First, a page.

January 14, 2023

What do New Mexico and federal laws say about owning tigers, other exotic animals?

NM Game and Fish

It’s been an unusual past six months for Albuquerque police in terms of exotic animals. Back in August, the police and state wildlife officials confiscated an alligator and announced that they were searching for a missing tiger. This announcement came after conservation officers and law enforcement served search warrants on two residences where reports indicated a tiger was being kept. The tiger wasn’t found, but they found the alligator, which was confiscated. 

Then, earlier this week, a tiger cub was found as police responded to reports of a shooting. It soon became clear that this cub was not the same tiger that police have been looking for since August.

The tiger the police began looking for in September was a year old. The one found this week  was only three months old, just barely old enough to begin weaning it off of milk, according to the Albuquerque BioPark, which now has the cub.

Ownership of big cats like tigers is not only illegal in New Mexico, but it is also prohibited at a federal level. A new law that President Joe Biden signed on Dec. 20 prohibits the ownership of tigers and other big cats as pets. Under the new law, only qualified entities such as facilities accredited by the Association of Zoos and Aquariums can own big cats. Those facilities will be required to register them so that first responders are aware that big cats are kept at that location.

Prior to the new law, only three states allowed people to own tigers or other big cats without first obtaining a permit. About a dozen states allowed people who had permits to own big cats. The rest of the states either prohibited possession or allowed commercial exhibitors to own the big cats.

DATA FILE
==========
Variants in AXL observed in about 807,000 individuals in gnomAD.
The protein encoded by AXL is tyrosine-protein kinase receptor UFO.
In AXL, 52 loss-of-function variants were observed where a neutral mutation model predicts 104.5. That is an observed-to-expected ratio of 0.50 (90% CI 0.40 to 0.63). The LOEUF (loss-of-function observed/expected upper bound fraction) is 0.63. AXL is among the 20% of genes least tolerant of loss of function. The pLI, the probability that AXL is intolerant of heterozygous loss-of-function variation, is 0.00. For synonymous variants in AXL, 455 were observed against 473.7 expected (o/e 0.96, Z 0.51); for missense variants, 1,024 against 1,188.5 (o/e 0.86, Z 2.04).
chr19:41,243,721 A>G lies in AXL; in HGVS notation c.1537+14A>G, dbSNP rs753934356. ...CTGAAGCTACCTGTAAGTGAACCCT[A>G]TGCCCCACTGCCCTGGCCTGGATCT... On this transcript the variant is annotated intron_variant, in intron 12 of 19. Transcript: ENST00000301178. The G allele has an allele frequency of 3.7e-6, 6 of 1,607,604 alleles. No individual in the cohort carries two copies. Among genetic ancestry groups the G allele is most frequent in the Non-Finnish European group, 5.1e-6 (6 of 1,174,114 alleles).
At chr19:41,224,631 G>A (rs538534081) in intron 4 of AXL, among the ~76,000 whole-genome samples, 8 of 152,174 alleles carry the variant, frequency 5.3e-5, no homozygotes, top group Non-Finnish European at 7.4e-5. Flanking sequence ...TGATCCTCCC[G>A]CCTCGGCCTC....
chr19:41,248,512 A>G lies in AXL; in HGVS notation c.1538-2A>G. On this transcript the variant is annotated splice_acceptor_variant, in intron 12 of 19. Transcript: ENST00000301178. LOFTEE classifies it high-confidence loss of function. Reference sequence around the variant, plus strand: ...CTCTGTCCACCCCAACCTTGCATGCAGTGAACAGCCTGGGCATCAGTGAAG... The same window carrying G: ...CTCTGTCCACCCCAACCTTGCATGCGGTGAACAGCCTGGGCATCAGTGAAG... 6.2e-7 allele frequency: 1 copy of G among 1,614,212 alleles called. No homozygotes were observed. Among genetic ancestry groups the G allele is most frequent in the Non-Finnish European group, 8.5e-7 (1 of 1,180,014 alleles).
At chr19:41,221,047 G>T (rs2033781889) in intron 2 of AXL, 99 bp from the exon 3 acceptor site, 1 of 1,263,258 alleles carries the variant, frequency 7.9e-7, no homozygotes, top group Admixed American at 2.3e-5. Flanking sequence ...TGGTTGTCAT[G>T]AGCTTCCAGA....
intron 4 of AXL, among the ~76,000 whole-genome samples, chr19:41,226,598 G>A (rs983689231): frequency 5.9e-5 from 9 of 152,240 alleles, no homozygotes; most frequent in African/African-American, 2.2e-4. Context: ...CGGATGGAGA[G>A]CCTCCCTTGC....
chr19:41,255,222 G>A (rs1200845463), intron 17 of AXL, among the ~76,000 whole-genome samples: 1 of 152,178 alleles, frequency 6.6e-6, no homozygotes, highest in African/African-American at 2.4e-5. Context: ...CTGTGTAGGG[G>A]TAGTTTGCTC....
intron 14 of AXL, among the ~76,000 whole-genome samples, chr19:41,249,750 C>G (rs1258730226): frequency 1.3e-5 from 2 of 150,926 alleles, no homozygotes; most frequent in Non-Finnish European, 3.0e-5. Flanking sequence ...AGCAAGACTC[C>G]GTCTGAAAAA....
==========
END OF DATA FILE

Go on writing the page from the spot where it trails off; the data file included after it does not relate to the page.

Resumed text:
The new law also prohibits zoos and circuses from allowing the public to interact with tiger cubs. According to the Animal Legal Defense Fund, some commercial entities were charging extra for visitors to have the chance to interact with cubs, including bottle feeding. That led to perpetual breeding of tigers so that the facility would always have cubs for the public to interact with and, as the cubs grew up, they would often be sold as pets.

“The trade in privately-owned big cats in the U.S. is shrouded in secrecy, making it nearly impossible to track the animals,” Big Cat Sanctuary Alliance BCSA Steering Committee Chairperson Emily McCormack said in a statement. “However, passage of the federal Big Cat Public Safety Act will impact the private big cat trade.”

The new law, however, does not mean that people who legally acquired big cats prior to the passage must give up their pets. 

McCormack said current owners must register their big cats with the U.S. Fish and Wildlife Service. They are also prohibited from breeding, selling, trading or buying more cats.